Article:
Advice for purchasing a good used/new violin for intermediate player.

April 4, 2019, 2:42 PM · I love my violin but it is an advanced student violin and I am thinking it is time to upgrade. I play in church weekly and at special events. I'm not a professional but I enjoy playing. I can't afford a lot, under $900. What should I look for? Should I buy new or used? I would like one with a warm, rich sound.

Replies (4)

April 4, 2019, 4:28 PM · Brands aren't going to do you much good if you truly want the best sound for your personal taste.

You need to try violins from multiple sources. Obviously, the more you try, the better your result will be.

Try local listings like Facebook and Craigslist, as well as flea markets. Then you need to visit violin shops and try everything there as well. However, given your budget, the amount of violins you will have to select from at an actual store is going to be limited.

Edited: April 4, 2019, 7:35 PM · I'm struggling here because when I think "advanced student violin" I am thinking of violins that cost well above $900. Clearly these terms mean different things to different people.

--> What kind of violin do you have now?

--> What is it about your violin you don't like?

The "warmth and richness" of the sound can often be surprisingly influenced by the position of the sound post and the type of strings you use. Also when is the last time you cleaned your bow-hair?

Edited: April 4, 2019, 7:44 PM · perhaps try a low end Scott cao instrument, they are pretty good for value. I know your on a tight budget, but i can't really give you much information. Violins classified as "intermediate" level violins are generally in the $2000-4000 range.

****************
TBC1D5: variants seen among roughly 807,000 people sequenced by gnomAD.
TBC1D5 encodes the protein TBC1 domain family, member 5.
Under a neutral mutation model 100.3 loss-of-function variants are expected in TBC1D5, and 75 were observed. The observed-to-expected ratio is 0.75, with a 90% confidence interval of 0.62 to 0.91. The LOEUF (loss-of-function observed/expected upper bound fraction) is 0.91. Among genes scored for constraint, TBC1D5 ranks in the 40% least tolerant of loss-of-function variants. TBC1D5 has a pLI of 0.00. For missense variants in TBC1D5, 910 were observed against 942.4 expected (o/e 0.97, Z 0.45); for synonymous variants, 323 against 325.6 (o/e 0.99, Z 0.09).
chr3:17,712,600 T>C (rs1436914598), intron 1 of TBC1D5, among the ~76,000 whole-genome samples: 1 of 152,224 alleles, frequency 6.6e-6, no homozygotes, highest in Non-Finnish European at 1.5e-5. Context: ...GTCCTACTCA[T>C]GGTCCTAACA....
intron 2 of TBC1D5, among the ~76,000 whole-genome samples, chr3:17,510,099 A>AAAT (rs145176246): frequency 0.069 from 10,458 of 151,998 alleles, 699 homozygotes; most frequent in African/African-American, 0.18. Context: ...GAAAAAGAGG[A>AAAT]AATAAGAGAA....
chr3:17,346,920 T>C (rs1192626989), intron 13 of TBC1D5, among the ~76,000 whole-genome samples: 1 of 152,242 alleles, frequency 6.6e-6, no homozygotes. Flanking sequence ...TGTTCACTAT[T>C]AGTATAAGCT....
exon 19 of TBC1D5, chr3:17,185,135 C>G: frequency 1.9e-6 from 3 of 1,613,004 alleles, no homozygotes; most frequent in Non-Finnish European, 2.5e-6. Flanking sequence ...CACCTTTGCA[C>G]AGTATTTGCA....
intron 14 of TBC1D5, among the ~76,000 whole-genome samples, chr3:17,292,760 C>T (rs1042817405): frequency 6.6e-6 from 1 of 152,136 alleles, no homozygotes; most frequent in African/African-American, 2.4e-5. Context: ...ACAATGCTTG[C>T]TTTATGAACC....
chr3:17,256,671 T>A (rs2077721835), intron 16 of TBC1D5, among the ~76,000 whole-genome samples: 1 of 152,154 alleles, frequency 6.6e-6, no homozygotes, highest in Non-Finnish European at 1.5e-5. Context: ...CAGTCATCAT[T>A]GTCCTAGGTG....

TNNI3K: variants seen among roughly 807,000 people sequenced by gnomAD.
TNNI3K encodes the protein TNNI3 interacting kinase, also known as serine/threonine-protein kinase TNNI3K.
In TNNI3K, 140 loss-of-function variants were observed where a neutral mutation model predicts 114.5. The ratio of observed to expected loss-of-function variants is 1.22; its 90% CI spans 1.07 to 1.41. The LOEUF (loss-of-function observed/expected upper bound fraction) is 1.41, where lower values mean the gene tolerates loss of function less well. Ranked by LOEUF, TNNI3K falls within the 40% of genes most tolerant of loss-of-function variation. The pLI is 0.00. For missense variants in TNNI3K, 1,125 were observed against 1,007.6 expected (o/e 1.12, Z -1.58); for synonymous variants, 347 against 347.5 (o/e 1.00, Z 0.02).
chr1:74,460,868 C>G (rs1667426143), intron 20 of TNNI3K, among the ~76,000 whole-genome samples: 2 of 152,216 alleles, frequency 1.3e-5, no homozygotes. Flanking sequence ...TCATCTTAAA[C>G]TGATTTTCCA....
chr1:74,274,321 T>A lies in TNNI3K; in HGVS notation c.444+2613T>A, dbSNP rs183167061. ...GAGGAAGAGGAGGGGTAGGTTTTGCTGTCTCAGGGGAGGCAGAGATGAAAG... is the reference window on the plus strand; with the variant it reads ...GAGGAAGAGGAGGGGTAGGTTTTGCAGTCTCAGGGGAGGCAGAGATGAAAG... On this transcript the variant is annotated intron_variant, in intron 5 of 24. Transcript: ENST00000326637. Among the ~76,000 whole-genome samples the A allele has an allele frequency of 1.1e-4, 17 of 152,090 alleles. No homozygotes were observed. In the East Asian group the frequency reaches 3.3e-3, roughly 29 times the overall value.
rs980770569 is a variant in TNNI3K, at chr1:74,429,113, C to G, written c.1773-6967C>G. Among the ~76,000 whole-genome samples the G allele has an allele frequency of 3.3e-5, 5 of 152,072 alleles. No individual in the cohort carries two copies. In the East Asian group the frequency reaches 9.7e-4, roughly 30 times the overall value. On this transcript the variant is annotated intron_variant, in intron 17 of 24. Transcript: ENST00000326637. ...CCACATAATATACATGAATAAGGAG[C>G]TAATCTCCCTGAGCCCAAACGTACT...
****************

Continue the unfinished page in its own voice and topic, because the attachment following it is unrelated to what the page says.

April 4, 2019, 8:07 PM · Even knowing that different people define the terms differently, I've never heard "intermediate" being used to describe a step up from "advanced student" -- everywhere I've looked, no matter how the tiers are defined, advanced student violins have been the tier above intermediate. That's where my confusion comes from.

That said... if you're shopping at any price point above $500, you really should try before you buy. Even though you're in the price range where violins are sold under brand names, violins of the same brand and model may still differ dramatically.

Also: what strings are you using? If you are currently using steel strings, you'll get a warmer sound just by switching to almost any synthetic string.

This discussion has been archived and is no longer accepting responses.

Facebook Twitter YouTube Instagram Email is made possible by...

Shar Music
Shar Music

Yamaha Violin Finder
Yamaha Violin Finder

Pirastro Strings
Pirastro Strings

Dimitri Musafia, Master Maker of Violin and Viola Cases
Dimitri Musafia, Master Maker of Violin and Viola Cases

Warchal Metronome

Bay Fine Strings Violin Shop

Bobelock Cases


Los Angeles Violin Shop

Nazareth Gevorkian Violins

Potter Violins

Pro-Am Strings

Violin Lab

Wangbow Violin Bow Workshop